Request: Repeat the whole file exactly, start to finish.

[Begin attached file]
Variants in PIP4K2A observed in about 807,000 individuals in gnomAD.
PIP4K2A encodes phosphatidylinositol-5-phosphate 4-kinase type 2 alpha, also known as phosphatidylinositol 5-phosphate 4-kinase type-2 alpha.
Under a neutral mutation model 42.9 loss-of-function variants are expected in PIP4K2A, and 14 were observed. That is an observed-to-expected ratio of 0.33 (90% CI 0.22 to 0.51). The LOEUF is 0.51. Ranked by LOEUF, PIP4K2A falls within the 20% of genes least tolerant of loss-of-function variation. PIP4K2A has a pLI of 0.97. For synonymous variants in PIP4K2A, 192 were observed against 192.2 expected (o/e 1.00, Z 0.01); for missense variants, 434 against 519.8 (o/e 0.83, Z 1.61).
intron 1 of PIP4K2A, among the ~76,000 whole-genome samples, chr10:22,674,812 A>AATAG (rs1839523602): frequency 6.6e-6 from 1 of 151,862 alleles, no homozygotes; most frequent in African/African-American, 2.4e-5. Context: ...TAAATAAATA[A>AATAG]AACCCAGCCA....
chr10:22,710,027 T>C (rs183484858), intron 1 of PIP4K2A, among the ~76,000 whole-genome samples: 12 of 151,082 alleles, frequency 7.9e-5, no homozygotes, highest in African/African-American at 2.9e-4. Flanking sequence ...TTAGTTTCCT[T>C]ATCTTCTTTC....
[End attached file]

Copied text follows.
Variants in PIP4K2A observed in about 807,000 individuals in gnomAD.
PIP4K2A encodes phosphatidylinositol-5-phosphate 4-kinase type 2 alpha, also known as phosphatidylinositol 5-phosphate 4-kinase type-2 alpha.
Under a neutral mutation model 42.9 loss-of-function variants are expected in PIP4K2A, and 14 were observed. That is an observed-to-expected ratio of 0.33 (90% CI 0.22 to 0.51). The LOEUF is 0.51. Ranked by LOEUF, PIP4K2A falls within the 20% of genes least tolerant of loss-of-function variation. PIP4K2A has a pLI of 0.97. For synonymous variants in PIP4K2A, 192 were observed against 192.2 expected (o/e 1.00, Z 0.01); for missense variants, 434 against 519.8 (o/e 0.83, Z 1.61).
intron 1 of PIP4K2A, among the ~76,000 whole-genome samples, chr10:22,674,812 A>AATAG (rs1839523602): frequency 6.6e-6 from 1 of 151,862 alleles, no homozygotes; most frequent in African/African-American, 2.4e-5. Context: ...TAAATAAATA[A>AATAG]AACCCAGCCA....
chr10:22,710,027 T>C (rs183484858), intron 1 of PIP4K2A, among the ~76,000 whole-genome samples: 12 of 151,082 alleles, frequency 7.9e-5, no homozygotes, highest in African/African-American at 2.9e-4. Flanking sequence ...TTAGTTTCCT[T>C]ATCTTCTTTC....